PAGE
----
The Boston Citgo sign, all 3,600 square LED feet of which has served as the backdrop to Red Sox games since 1965, is now officially a "pending landmark."

Spanish Surrealist Salvador Dalí spent much of the 1940s in the U.S., avoiding World War II and its aftermath. He was a well-known fixture on the art scene in Monterey, Calif. — and that's where the largest collection of Dalí's work on the West Coast is now open to the public.

Copyright 2016 Fresh Air. To see more, visit Fresh Air.

The middle of summer is when the surprises in publishing turn up. I'm talking about those quietly commanding books that publishers tend to put out now, because fall and winter are focused on big books by established authors. Which brings us to The Dream Life of Astronauts, by Patrick Ryan, a very funny and touching collection of nine short stories that take place in the 1960s and '70s around Cape Canaveral, Fla.

When the United Kingdom voted to leave the European Union last month, the seaside town of Port Talbot in Wales eagerly went along with the move. Brexit was approved by some 57 percent of the town's residents.

Now some of them are wondering if they made the wrong decision.

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Solar Impulse 2 has landed in Cairo, completing the penultimate leg of its attempt to circumnavigate the globe using only the power of the sun.

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This is the first in a series of essays concerning our collective future. The goal is to bring forth some of the main issues humanity faces today, as we move forward to uncertain times. In an effort to be as thorough as possible, we will consider two kinds of threats: those due to natural disasters and those that are man-made. The idea is to expose some of the dangers and possible mechanisms that have been proposed to deal with these issues. My intention is not to offer a detailed analysis for each threat — but to invite reflection and, hopefully, action.

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After Tough 2012, Gallup Enlists Polling Expert To Investigate

Feb 7, 2013
Originally published on February 7, 2013 5:44 pm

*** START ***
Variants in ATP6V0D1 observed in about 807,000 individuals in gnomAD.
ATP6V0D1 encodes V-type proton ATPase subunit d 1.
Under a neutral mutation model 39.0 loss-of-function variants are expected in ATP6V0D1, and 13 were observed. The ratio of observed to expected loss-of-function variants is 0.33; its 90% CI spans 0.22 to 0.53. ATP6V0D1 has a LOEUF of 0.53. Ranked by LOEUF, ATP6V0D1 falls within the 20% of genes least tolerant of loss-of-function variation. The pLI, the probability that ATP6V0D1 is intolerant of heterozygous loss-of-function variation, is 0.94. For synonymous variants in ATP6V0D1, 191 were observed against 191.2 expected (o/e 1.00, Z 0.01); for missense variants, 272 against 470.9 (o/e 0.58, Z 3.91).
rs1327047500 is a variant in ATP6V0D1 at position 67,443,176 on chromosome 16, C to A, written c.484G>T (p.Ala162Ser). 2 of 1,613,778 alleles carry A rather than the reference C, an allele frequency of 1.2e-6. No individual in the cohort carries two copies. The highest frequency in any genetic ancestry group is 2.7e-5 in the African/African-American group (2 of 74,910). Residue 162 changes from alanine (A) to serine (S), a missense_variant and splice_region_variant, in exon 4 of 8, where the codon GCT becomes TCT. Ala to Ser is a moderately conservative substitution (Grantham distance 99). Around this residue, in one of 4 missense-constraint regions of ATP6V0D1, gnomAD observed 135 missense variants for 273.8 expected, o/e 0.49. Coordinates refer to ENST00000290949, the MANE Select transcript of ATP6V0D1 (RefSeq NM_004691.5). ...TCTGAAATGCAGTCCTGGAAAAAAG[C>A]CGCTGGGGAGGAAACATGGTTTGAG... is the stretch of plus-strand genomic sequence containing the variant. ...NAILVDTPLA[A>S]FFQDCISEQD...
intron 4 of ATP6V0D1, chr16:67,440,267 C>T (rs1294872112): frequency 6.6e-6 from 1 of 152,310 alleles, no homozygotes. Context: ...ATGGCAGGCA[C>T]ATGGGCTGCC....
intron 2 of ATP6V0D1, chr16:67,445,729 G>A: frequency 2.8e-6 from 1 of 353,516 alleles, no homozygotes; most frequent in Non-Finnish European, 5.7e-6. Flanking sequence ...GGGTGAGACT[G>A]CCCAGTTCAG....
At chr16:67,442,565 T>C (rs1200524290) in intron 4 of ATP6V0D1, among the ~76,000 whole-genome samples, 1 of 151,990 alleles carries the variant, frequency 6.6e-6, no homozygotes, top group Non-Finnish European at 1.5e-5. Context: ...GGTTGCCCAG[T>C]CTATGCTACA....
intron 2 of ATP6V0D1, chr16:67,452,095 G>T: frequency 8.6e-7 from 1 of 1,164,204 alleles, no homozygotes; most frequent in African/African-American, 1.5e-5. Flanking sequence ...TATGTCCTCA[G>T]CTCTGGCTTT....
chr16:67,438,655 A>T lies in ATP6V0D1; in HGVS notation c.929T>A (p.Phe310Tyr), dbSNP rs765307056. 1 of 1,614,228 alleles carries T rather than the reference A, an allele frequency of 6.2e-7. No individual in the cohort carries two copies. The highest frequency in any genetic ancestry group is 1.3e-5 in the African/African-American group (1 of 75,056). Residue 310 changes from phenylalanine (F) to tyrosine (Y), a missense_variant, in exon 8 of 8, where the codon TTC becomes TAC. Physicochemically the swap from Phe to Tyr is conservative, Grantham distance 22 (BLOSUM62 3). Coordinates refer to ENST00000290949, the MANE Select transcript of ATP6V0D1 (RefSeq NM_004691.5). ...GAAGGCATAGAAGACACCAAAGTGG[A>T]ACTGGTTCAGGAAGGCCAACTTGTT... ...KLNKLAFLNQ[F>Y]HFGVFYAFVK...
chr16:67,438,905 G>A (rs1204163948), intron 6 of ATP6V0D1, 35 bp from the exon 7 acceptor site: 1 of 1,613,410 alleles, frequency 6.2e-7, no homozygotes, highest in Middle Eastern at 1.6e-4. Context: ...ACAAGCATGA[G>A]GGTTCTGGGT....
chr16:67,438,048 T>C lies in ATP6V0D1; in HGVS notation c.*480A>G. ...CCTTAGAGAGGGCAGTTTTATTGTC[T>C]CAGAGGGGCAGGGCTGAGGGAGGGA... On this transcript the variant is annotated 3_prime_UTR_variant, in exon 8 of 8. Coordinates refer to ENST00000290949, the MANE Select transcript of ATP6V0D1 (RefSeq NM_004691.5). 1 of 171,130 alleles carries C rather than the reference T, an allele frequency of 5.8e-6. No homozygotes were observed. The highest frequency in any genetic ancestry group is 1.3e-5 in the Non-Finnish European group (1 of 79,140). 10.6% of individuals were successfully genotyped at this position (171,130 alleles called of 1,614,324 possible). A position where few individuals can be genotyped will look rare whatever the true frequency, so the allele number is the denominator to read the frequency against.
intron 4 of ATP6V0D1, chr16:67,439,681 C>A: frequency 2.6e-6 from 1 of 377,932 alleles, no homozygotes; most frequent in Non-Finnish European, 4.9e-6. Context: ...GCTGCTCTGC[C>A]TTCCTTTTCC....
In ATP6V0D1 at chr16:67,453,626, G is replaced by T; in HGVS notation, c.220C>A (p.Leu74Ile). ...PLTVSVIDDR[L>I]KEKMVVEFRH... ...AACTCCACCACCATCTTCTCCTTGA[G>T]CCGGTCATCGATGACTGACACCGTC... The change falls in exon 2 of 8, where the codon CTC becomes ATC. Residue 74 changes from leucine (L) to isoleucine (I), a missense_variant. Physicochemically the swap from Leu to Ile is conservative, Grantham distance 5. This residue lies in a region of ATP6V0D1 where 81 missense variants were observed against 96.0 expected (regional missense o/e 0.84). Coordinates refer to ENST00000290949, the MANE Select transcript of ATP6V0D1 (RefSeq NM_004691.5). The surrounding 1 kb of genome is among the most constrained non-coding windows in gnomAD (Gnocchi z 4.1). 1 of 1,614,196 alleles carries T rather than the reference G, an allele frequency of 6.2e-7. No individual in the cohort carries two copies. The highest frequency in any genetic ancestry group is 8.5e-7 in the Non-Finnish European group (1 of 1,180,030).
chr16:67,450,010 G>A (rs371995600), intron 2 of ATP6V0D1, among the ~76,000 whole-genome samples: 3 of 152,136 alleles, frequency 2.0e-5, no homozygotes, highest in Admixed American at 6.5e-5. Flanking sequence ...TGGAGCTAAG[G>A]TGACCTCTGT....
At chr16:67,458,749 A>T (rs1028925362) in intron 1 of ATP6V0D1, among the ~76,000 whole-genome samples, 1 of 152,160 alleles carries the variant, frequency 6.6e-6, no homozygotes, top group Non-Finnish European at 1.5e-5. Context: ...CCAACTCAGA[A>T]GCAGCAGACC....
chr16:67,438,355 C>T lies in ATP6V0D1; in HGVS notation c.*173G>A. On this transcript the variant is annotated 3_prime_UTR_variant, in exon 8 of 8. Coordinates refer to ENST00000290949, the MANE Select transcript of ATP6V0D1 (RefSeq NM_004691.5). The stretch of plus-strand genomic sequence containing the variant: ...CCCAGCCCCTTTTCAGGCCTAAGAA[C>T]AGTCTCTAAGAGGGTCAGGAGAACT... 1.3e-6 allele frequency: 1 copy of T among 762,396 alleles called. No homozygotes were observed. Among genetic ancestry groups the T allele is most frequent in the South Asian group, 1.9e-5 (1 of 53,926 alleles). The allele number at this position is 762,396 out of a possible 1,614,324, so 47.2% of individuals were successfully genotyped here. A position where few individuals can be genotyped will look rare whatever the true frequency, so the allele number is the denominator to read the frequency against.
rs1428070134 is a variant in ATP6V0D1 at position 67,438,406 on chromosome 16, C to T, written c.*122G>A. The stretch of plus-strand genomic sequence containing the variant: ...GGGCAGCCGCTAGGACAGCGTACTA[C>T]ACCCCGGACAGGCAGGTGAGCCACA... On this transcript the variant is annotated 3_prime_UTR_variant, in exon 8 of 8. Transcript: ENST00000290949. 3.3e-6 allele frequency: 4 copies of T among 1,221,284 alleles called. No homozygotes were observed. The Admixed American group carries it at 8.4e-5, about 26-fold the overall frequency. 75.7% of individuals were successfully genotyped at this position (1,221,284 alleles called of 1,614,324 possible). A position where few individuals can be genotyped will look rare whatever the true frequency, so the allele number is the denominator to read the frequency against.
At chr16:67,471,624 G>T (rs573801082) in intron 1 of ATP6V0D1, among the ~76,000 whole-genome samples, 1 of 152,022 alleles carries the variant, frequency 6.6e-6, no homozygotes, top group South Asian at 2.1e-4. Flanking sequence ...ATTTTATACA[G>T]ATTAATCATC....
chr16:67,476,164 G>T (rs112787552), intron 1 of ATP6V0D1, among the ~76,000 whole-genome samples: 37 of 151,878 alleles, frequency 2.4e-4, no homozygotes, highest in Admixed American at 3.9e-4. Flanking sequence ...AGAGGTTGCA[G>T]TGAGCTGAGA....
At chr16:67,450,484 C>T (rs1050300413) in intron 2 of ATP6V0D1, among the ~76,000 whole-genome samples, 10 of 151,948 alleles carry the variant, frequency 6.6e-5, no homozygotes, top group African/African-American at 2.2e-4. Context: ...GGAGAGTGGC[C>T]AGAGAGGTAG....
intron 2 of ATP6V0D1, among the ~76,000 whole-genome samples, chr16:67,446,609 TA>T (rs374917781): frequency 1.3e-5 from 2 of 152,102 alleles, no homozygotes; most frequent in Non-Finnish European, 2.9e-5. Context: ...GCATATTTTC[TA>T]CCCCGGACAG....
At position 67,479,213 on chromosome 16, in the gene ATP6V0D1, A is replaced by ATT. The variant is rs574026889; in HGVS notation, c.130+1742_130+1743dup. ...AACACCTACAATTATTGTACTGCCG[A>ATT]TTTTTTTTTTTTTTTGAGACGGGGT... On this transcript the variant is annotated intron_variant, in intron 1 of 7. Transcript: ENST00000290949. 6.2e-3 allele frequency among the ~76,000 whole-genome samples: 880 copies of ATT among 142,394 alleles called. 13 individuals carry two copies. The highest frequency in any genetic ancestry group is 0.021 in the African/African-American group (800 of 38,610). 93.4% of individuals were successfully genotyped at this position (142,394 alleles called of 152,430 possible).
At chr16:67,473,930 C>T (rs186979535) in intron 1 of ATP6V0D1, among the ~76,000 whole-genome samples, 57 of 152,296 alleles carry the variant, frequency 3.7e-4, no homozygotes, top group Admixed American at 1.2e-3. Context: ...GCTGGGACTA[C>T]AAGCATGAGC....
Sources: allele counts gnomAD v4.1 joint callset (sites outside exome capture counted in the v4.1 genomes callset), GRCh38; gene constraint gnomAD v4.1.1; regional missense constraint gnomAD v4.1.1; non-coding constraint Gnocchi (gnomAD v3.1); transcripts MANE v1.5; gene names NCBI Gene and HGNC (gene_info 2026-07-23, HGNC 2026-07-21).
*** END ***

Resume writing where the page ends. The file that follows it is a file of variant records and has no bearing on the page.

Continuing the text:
The Gallup Organization, one of the polling industry's oldest brand names, is calling in an outsider to do a comprehensive review after its 2012 election polls consistently favored Republican candidate Mitt Romney.

University of Michigan professor Michael Traugott, a past president of the American Association for Public Opinion Research, has been working with Gallup since December to test several of its methods. Among them: how many interviews are conducted by cellphones; how it measures likely voters and early voters; and how it assesses the impact of get-out-the-vote efforts.

Traugott's ties to Gallup date to the company's glory days. He served as a research assistant for the company's "larger than life" founder, George Gallup, in 1964.

In a news release, Traugott predicted results of his study would be ready by springtime. Frank Newport, Gallup's editor-in-chief, told NPR in a phone interview Thursday that the process is "open-ended."

"It's certainly possible we do some additional experiments," Newport said. "We will certainly make public our findings."

Some left-leaning critics argued Gallup had skewed its polls in 2012 to give preferential treatment to the Republican candidate, an allegation that Newport flatly rejected in an interview.

"That's absolutely not true," Newport said. "Gallup has a strong history of being absolutely neutral with everything that has to do with polling."

For instance, Newport said, Gallup won't do polls for political candidates or public interest groups. And he said he refuses to vote in primary elections.

The review of methods comes as Gallup's polling priorities are changing. Last month, Gallup and USA Today ended their 20-year partnership in what Newport called a "mutual decision."

"Our businesses are just going in different directions," Newport said. "It was a very amicable decision."

While best known for its polls, Gallup has devoted significant energy in recent years to performing market research for the federal government. Last year, the Justice Department joined a federal whistle-blower lawsuit claiming that Gallup overcharged the U.S. government in contracts to do market research for the U.S Mint and the State Department.

Both sides reported to a judge this week that they continue to have "productive" settlement talks. Gallup has been temporarily suspended from winning new federal contracts while authorities review its practices.

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